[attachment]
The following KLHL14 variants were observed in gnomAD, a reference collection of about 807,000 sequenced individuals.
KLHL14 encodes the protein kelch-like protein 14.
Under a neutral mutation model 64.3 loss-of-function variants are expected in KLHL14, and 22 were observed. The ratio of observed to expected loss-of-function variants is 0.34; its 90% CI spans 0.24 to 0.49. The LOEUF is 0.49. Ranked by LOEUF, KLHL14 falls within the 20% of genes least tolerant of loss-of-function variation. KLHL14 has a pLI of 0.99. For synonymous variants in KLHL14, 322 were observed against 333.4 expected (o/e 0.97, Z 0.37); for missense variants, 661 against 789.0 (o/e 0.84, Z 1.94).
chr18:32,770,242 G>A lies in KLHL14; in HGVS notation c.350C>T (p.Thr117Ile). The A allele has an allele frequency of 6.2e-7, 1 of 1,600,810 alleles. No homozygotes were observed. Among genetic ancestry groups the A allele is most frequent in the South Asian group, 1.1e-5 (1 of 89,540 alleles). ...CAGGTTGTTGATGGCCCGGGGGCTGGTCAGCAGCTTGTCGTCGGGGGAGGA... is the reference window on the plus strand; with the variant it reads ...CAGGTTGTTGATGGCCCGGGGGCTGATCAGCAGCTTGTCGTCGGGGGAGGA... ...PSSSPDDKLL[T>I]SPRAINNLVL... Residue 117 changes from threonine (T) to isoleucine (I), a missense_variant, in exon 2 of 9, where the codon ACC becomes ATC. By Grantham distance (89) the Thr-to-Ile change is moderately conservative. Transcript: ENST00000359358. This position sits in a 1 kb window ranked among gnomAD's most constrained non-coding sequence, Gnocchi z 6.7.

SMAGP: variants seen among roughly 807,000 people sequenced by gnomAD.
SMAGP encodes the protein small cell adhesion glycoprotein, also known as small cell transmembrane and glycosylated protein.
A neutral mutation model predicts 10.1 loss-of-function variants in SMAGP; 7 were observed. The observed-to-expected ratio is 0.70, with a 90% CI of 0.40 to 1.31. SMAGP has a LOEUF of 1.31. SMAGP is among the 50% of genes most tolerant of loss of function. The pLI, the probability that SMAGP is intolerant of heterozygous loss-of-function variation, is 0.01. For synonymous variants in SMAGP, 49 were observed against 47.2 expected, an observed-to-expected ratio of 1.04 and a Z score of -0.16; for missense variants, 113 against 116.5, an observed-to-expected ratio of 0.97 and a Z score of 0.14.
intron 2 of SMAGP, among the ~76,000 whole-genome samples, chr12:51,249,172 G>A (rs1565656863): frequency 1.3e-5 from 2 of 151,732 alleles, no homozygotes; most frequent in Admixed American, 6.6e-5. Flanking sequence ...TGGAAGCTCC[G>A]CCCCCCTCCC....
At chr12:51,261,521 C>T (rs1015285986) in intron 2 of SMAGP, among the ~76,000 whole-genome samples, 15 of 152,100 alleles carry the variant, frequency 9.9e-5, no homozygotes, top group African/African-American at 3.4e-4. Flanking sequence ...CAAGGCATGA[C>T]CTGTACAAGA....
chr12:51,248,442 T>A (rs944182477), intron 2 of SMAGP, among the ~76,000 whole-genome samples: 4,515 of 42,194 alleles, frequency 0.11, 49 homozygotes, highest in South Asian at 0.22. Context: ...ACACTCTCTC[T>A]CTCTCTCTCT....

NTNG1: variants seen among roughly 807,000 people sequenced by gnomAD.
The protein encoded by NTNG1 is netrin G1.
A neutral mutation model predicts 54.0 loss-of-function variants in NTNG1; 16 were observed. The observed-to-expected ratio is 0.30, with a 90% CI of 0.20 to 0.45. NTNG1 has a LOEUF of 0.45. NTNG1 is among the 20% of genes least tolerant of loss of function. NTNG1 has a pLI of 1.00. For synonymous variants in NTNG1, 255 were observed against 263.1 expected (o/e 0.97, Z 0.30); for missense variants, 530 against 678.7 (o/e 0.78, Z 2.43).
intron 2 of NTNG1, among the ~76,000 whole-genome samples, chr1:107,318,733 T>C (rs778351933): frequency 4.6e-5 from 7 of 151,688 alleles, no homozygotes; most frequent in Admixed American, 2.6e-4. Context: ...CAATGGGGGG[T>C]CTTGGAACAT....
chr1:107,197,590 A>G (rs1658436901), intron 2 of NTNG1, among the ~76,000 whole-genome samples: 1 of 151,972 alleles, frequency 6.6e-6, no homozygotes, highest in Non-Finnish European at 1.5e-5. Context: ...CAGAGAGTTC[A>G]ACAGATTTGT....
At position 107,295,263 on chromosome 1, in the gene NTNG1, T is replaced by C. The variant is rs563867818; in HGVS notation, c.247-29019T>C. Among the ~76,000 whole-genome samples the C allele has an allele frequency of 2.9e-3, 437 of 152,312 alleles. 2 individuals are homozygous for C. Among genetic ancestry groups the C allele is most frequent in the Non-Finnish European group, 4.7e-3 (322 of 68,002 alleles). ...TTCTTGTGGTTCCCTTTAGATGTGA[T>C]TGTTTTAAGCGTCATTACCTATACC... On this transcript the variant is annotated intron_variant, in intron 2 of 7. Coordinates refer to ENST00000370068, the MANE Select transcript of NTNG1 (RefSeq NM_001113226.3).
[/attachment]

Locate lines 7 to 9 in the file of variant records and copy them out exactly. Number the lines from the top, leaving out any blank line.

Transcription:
A neutral mutation model predicts 10.1 loss-of-function variants in SMAGP; 7 were observed. The observed-to-expected ratio is 0.70, with a 90% CI of 0.40 to 1.31. SMAGP has a LOEUF of 1.31. SMAGP is among the 50% of genes most tolerant of loss of function. The pLI, the probability that SMAGP is intolerant of heterozygous loss-of-function variation, is 0.01. For synonymous variants in SMAGP, 49 were observed against 47.2 expected, an observed-to-expected ratio of 1.04 and a Z score of -0.16; for missense variants, 113 against 116.5, an observed-to-expected ratio of 0.97 and a Z score of 0.14.
intron 2 of SMAGP, among the ~76,000 whole-genome samples, chr12:51,249,172 G>A (rs1565656863): frequency 1.3e-5 from 2 of 151,732 alleles, no homozygotes; most frequent in Admixed American, 6.6e-5. Flanking sequence ...TGGAAGCTCC[G>A]CCCCCCTCCC....
At chr12:51,261,521 C>T (rs1015285986) in intron 2 of SMAGP, among the ~76,000 whole-genome samples, 15 of 152,100 alleles carry the variant, frequency 9.9e-5, no homozygotes, top group African/African-American at 3.4e-4. Flanking sequence ...CAAGGCATGA[C>T]CTGTACAAGA....